I need help thinking up a small industry that could bring some income into the village as well. For example, I found a book that teaches how to make a very productive clay bread oven from the mud in one's backyard and other simple materials. Maybe with a good bread recipe, some here could sell bread to the surrounding villages (the closest bakery is in the city). I am only sharing this idea with you cause my aunties would probably clobber me for returning my head into the clouds.

My hope is that this little project will invigorate this small community and that surrounding villages (and prosperous villagers) will copy some of our ideas and spread the love.

(Maybe someone could comb the Living More with Less books which are loaded with tried and true methods and ideas used by missionaries)

sábado, 11 de agosto de 2007


This is my buddy Jimmu (jim-OOH)

He is 11 years old and very cool. I took a picture with him not only because him and I make a cute pair (sorry Dan but I do think I should start to consider the idea of finding a younger trade in), but because we are standing at the scene of a budding project.

On the land we are standing, we plan to build an experimental project based school for Jimmu. Equatoguinean schools are based on the Spanish education system which works wonders for Spanish children but is it is neither here nor there for Equatoguinean children.

Kids in Spain that are successful in school can hope to find a job. Children in Equatorial Guinea that do well in school don't find ready job because there aren't many. What is
worse, they do not have the tools, know how and opportunity to create their own jobs. You do find a little entrepreneurial spirit here and there but rarely do their business ideas take them past subsistence living.

I spent this last year really thinking about this stand still and the past 2 months doing some brain storming with a couple of Michigan educators crazy enough to even consider this idea. We came up with this Project Based School idea.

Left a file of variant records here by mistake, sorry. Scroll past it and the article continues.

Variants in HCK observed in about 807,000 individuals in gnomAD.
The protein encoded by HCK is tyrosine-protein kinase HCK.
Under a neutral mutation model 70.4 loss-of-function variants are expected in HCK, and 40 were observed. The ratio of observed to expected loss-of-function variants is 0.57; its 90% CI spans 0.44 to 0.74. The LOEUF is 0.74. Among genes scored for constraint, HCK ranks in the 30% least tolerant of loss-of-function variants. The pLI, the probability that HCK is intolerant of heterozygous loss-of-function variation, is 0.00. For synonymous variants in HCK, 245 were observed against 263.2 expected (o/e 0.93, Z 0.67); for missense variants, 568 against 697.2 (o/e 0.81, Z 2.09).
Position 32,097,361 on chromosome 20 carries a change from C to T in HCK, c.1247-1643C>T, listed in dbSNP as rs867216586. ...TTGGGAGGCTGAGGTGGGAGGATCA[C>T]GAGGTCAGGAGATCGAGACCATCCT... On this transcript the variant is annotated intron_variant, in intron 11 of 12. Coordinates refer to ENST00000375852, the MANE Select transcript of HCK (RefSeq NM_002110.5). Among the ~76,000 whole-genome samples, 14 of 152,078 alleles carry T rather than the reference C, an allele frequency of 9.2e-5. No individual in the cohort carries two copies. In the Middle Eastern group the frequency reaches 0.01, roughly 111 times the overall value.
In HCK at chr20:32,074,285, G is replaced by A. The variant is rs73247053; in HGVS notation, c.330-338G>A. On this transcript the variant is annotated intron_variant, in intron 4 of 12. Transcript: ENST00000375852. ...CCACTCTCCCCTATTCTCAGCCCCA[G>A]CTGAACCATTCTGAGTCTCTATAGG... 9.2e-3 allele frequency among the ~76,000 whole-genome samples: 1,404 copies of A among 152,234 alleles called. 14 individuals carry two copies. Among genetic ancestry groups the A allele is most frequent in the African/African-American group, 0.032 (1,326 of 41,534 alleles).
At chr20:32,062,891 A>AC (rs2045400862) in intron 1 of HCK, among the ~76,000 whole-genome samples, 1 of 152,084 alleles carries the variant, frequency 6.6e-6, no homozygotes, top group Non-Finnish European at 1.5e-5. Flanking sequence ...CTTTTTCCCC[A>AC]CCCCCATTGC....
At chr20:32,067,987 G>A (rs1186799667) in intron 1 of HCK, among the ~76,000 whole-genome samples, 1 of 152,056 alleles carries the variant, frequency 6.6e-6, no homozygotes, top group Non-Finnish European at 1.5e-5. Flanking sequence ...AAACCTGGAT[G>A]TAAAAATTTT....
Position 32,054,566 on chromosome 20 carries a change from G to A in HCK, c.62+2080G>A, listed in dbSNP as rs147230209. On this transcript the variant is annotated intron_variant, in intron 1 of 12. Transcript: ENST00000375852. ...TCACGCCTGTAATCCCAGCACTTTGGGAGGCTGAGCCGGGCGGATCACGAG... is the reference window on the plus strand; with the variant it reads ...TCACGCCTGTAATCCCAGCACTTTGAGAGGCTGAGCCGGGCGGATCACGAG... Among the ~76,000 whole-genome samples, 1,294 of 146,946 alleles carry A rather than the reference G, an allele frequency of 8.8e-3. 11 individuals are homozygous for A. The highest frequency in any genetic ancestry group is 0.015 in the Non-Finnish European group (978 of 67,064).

Starting with farming in this little farm, students in our school will combine academics with trade skills. Learning, reading, plant biology, entomology, earth science, mathematics (marketing), art and other academic requirements in a working farm will be much less stuffy than the good ol' classroom (take it from me).

We will start with a few children, a few crops, some chickens and a couple of goats. The hope is that our little farm school becomes self sufficient and
our children learn many of the real world aspects of starting, running, working in and expanding a business.

What is even more mind boggling is that eventually, the surrounding villagers will have access to fresh local produce, eggs and cheese for the first time since the end of the colonial era. Right now, if you want a fresh tomato or even salad greens, you must buy from some foreign bloke who imported it from Lebanon! Imagine the expense, not to mention the nutritional value of that artificially ripened world traveled tomato.

Why wait till you are 23 to find work experience in a unpaid internship when you can start experiencing how it is all done at age 7?

Yeah, well it all sounds good on paper...

So far we have 6 acres, a budding experimental farm, a very interested Spanish philanthropist who I must court in the coming year, and a very enthusiastic project manager. Its a start....uhm...right?


I have much to celebrate!

The English Language Center officially has a sponsor today. Equatorial Guinea Liquefied Natural Gas (EG LNG) has agreed to finance the center.

I am so happy, I do not know what to do with myself. It has been a very long road and now we get to walk up hill because the hardest work is still to come.

My eyes fill with tears to think that maybe with luck, this little girl and her winning smile will have the opportunity to study English, a language I so take for granted.

Look at those eyes...She won't have to travel far away and leave her loved ones behind. She will not have to suffer the indignities of being "the foreigner" in her school. She can learn English from MSU trained teachers right here in Malabo, where she belongs.